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#28 of 50 Old 06-23-2006, 10:17 AM
 
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I guess it is that I have no idea why anyone would want to choose SOTW for 3yo for history, or why that even comes up in relation to the original question. If we are different and this particular difference makes me because I really don't understand the gratuitous commentary on potential precocity,
The OP said her daughter was "about four." I took that to mean that she was three and rapidly approaching her fourth birthday. My response was simply that I didn't think that three was too young. There was no "gratuitous commentary on potential precocity."

What I'm reading is that you attacked my post because you've got issues with the way that your parents handled your giftedness. I'm sorry that it sucked for you, but that's something better addressed on the "Support for Gifted Adults" thread. Lots and lots of gifted children are still irritated by all of the things that their parents did wrong. I just wanted to say this: The fact that I choose to read this sort of thing to my three year old doesn't mean that I'm running around telling anyone and everyone about how gifted my child is. It doesn't mean that this ever comes up in conversation in real life at all outside of the family or in his presense. There's no need to assume that because I choose to discuss our homeschooling selections here that I'm making a huge fuss about it everywhere else that we go. Yes, people can see that my child is different a lot of the time, and yes, strangers occasionally feel at liberty to comment on it, but I tend to say, "We think that he's wonderful, too," or something equally non-specific and non-offensive. You don't have to attack me for repeating your parents' mistakes, especially when I'm not making them. I find *that* offensive.

Rynna, Mama to Bean (8), Boobah (6), Bella (4) and Bear (2)
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#29 of 50 Old 06-23-2006, 12:30 PM
 
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How do you access these ??
Useborne Internet Linked books are regular books with supplemental internet content. You go to a the website mentioned in the book, put in the page number and that's it. I was skeptical at first, but there are some great resources there. We have the History Encylcopedia. Your library should have most of them.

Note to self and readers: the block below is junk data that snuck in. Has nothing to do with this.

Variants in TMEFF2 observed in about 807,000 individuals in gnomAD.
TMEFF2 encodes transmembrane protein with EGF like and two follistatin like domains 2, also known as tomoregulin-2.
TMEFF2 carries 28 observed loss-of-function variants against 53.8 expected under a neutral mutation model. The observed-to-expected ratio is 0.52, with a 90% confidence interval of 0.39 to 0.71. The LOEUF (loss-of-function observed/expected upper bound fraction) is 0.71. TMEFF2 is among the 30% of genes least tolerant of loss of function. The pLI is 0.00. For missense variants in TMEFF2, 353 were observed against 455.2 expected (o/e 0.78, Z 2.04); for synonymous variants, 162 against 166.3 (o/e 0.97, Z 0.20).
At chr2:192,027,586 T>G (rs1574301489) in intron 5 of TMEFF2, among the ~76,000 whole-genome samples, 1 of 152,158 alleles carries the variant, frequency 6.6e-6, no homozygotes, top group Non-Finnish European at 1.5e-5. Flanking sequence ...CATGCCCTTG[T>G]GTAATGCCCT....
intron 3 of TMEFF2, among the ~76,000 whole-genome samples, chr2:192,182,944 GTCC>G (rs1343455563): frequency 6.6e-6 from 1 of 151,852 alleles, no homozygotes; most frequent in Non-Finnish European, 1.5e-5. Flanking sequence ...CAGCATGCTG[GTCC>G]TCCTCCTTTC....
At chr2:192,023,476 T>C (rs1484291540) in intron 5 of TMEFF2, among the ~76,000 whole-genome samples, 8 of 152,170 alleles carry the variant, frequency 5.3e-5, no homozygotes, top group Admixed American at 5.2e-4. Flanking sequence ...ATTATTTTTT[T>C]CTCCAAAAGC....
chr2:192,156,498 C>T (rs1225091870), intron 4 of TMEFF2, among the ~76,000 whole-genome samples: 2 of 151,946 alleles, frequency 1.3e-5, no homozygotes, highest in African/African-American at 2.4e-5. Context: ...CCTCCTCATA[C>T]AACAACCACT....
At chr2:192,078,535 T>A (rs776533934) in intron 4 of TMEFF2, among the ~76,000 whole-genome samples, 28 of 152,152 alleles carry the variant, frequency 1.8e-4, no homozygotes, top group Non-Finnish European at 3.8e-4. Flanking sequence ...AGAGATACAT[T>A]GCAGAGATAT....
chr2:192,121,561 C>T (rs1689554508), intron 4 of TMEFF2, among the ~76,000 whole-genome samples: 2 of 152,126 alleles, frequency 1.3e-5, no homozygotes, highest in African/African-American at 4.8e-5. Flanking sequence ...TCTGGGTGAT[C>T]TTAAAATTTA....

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#30 of 50 Old 06-23-2006, 01:17 PM
 
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Originally Posted by flyingspaghettimama
Ok, I just can't help it - but what IF your child is just weird? I mean, they like odd things, they reenact strange scenarios, are very sensitive, they like reading a lot (but only Garfield) yet you strongly suspect they are of average intelligence by all conventional IQ testing methodologies. What if there is no excuse for the weirdness? Can't that be cool, in of itself? What shall I say to her, "Oh, honey, you're just an indigo child, that's why you're different. Now can you wait to play 'pegaunidonkey's colossal church experience' until we leave the restaurant?"

What IF they are Tibits, in other words? And there is no Tibit testing methodology? Well, then you're just hosed as they are neither cheetah nor snail, but pegaunidonkeys named Tibit. Some kids feel different, and that's the shakes, because their parents haven't repressed it out of them yet. Maybe many children would be different and gifted if they weren't always pressured to be so dang normal, whatever that means. I still feel different, and I just find other adults who are also OK with their quirks and funky selves.
I have kids like that *weirdo* is a term of endearment in our house LOL! The all know they are different and relish in it. My oldest will often say *being normal must be so boring*.

This goes along with having a special needs child, or at least it does for me. From the beginning I was blessed to find an autistic adult (on line) that wrote about respecting a child's autisticness (is that a word?) and allowing them to be the way they are instead of trying to normalize them. It really struck home with me. I have never been of the bent that say *my child afflicted with autism*. She's not *afflicted* with anything, it's part of who she is. My job is to teach her to navigate the world in all her autistic glory, which I hope I am doing. OT helps her to deal with the sensory things that bother her (like crowd noise and fire drills) so we do that. Mainstreaming her would try and make her into every other child so we don't do that. I want to help her be comfortable with herself and also comfortable with the world around her.

Anyway, I also try to treat my other children with similar respect and the results have been amazing IMO. Take Kelsey; she is equally at home cheering (an activity one tends to associate with the highest degree of uniformity), discussing the many wives of Henry VIII or the internal organs of dragons. She will play Marco Polo with the other kids and then leave the game to help (unasked) a mother on shore catch an escaping toddler. What wondrous things happen when you stop trying to make kids *fit in* eh?

~~~~~~~~~~~~~~~~~~

Now to answer the OP I have a couple of history books that might be of interest. The National Geographic Almanac of World History and The Story of Mankind. Both have short, but well written (IMO) chapters and many illustrations (SOM) and photos (AOWH). SOM is an older text so you may have to edit a bit for content but it's worth it IMO. They may be a bit too advanced, but not knowing the child in question I couldn't say for sure.